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Museum Hours

  • Monday: Closed
  • Tuesday: Closed
  • Wednesday: Closed
  • Thursday: 10AM - 6PM
  • Friday: 10AM - 6PM
  • Saturday: 10AM - 6PM
  • Sunday: 10AM - 6PM

We are closed on New Years Day, Memorial Day, Easter Sunday, 4th of July, Labor Day, Thanksgiving Day, Christmas Eve, Christmas Day, and New Years Eve

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Motown Museum is the beating heart of the extraordinary Motown legacy—a destination that brings together people and ideas from different generations, and celebrates the past while simultaneously building a bridge to the future.

About Motown Museum

To ensure our vast collection maintains public visibility, and to keep things fresh for our guests, Motown Museum changes its main gallery exhibit 1-2 times per year. Here is what’s currently showing at our museum.

Current Exhibit

Motown Museum transports you into an era of musical magic. From the second you walk through the door, you’ll be greeted with the voices of Motown and a profound sense of history and significance.

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Hitsville NEXT Programs

Our uniquely curated community programs emphasize education, entrepreneurship and equity—with experiences, mentoring and exposure that nurtures and elevates tomorrow’s history makers. Museum programs cultivate creativity and entrepreneurship in budding talent, allowing great art, big ideas and innovation to flourish.

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Amplify: The Sound of Detroit Singing Competition


Ages 16+ | September - January

An open to the public, family-oriented event, AMPLIFY seeks to build on the rich legacy of Motown, celebrate the unique voices of Detroit....

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Spark Summer Camp
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Spark Summer Camp


6 – 9 Grade | August 2 - 13

Motown SPARK is a day camp that provides a safe space for middle school aged participants to explore career opportunities available in the music industry and find their artistic talent....

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Ignite Summer Camp
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Ignite Summer Camp


10 - 12 Grade | August 2 - 13

Ignite offers a day program for high school aged singers that will take them on a journey of artistic visioning through collaborative performance opportunities, group lessons and workshops catered to the foundation of artist development....

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Hitsville NEXT Events

From memorable galas and concert performances, to community celebrations and educational programs, we host a range of special events throughout the year.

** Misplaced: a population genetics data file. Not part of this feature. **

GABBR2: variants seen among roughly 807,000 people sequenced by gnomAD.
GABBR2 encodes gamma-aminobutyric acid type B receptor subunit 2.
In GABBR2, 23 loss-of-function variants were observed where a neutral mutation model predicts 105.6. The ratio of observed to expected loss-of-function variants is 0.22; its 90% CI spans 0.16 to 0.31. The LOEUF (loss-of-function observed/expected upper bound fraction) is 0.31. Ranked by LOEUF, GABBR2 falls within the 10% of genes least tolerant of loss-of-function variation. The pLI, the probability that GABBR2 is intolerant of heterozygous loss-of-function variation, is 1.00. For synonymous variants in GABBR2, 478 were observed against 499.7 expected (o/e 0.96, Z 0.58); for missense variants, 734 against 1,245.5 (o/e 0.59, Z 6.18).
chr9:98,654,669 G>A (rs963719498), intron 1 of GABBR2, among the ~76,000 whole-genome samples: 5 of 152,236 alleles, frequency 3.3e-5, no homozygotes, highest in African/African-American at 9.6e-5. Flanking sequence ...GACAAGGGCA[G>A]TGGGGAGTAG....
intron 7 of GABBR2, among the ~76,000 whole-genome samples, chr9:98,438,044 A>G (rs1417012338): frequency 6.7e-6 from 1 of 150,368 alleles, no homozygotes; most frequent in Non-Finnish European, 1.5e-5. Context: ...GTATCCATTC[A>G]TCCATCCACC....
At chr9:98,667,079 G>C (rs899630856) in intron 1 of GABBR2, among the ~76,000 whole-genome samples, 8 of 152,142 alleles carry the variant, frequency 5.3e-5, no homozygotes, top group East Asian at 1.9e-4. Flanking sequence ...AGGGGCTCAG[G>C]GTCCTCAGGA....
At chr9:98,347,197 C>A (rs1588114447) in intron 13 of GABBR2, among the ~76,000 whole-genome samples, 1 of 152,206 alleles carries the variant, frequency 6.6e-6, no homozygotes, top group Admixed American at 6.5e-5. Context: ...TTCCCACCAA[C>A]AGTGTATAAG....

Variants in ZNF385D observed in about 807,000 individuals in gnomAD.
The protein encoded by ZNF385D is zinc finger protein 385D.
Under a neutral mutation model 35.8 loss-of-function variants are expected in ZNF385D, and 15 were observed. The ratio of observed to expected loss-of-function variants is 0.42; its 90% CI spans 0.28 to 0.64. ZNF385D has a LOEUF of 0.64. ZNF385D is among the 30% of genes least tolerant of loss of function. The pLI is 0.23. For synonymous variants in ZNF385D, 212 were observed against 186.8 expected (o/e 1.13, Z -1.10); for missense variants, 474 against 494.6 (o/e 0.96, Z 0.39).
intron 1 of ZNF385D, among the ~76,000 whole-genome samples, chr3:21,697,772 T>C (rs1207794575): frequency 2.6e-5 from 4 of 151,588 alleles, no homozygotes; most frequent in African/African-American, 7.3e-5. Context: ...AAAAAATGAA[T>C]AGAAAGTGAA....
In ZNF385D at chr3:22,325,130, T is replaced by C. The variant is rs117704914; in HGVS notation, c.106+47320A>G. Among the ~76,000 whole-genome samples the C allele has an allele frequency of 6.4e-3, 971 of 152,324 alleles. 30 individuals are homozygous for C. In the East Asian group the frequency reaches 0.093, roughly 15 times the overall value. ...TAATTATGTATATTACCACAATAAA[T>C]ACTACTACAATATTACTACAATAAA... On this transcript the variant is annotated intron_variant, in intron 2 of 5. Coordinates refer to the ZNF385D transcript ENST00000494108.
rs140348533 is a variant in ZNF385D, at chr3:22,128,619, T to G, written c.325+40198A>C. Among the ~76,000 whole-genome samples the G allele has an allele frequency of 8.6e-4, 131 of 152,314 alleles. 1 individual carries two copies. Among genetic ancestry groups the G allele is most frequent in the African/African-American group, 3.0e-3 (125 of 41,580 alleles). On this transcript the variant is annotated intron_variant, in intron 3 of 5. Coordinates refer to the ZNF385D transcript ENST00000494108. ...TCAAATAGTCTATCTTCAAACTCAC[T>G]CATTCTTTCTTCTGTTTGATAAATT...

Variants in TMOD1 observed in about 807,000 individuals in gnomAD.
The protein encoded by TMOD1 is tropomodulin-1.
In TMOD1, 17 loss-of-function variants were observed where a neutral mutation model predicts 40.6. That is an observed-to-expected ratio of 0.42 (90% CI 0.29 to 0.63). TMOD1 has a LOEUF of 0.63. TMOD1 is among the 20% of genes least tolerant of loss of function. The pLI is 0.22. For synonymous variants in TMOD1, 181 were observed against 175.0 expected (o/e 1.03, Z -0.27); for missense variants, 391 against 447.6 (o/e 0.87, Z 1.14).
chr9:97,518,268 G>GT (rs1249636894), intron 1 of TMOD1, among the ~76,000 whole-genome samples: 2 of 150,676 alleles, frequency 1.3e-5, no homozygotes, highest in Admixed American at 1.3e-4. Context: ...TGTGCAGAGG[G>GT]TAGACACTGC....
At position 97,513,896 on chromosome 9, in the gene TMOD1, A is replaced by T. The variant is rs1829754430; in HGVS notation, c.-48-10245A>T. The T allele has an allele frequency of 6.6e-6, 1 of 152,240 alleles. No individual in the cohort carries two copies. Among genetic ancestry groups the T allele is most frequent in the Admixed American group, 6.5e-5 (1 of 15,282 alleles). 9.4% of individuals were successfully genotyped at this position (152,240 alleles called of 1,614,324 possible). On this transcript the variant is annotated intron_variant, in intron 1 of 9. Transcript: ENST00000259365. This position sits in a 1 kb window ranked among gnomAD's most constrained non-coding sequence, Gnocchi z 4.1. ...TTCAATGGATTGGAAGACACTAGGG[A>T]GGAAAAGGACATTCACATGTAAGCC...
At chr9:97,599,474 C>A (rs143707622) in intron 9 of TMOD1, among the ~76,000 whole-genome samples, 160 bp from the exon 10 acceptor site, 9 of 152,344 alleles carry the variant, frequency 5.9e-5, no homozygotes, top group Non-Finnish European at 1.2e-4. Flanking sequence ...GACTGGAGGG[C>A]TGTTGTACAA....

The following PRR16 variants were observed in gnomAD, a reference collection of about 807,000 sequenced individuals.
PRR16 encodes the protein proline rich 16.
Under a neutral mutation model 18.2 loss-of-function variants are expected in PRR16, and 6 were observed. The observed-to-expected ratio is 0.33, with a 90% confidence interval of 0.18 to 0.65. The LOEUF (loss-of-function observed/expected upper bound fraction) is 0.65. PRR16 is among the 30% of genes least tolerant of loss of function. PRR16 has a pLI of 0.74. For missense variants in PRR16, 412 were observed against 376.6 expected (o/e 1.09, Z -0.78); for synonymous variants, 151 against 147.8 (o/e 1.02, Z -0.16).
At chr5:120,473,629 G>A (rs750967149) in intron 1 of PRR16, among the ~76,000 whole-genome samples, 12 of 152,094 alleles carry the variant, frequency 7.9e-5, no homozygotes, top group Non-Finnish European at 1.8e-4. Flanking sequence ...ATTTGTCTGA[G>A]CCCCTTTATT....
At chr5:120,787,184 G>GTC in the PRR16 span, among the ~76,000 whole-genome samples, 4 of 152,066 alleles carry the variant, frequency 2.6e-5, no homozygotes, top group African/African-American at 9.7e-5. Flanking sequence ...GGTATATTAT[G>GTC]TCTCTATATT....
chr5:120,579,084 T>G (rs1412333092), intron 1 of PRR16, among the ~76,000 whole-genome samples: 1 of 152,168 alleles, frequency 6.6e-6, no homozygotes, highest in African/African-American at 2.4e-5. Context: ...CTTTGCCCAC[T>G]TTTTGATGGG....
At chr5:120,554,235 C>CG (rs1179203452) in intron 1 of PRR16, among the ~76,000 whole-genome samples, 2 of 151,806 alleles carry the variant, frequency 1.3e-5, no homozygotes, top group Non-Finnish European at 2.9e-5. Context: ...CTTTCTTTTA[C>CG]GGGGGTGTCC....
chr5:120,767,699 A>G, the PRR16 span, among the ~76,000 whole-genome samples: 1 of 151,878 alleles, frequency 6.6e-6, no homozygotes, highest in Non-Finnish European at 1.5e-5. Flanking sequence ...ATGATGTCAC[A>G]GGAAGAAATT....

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Lyric Project: Songwriter Showcase


July 16, 2021 @ 7PM EST

Online

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Motown MIC: The Spoken Word Grand Finale


April 29, 2021 @ 7pm

Online

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Private Events

Interested in hosting your own event at Motown?

Facility Rental

Motown Legacy

As an irresistible force of social and cultural change, the legendary Motown portfolio made its mark not just on the music industry, but society at large, with a signature Motown Sound that has become one of the most significant musical accomplishments and stunning success stories of the 20th century.

Discover The Legacy

Like many other African Americans in the early 20th century, Berry Gordy, Sr. and his wife, Bertha Fuller Gordy, came North from Georgia to find a better life for themselves and their family.

Gordy Family

Motown is an extended family of some of the most iconic and influential artists, musicians and songwriters of our time. Brought together by destiny through their love for making music, they found themselves making history.

Motown Artists

The culmination of years of planning, hard work and generous contributions from dedicated donors, the highly anticipated, $50 million Motown Museum expansion project will grow the museum campus to a 50,000-square-foot world-class entertainment and education tourist destination.

Expansion

Support Motown Museum

When you contribute to the Motown Museum, you become part of a rich musical and cultural legacy. We are a 501(c)(3) not for profit, tax-exempt organization in Detroit.

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Museum Hours

  • Monday: Closed
  • Tuesday: Closed
  • Wednesday: Closed
  • Thursday: 10AM - 6PM
  • Friday: 10AM - 6PM
  • Saturday: 10AM - 6PM
  • Sunday: 10AM - 6PM
Contact Us

Shop Around (Shop, Shop) in-person at the Museum! Curbside pick is also available for phone orders!

The Motown Mile

Still Going On Exhibition

Join our social conversation: @motownmuseum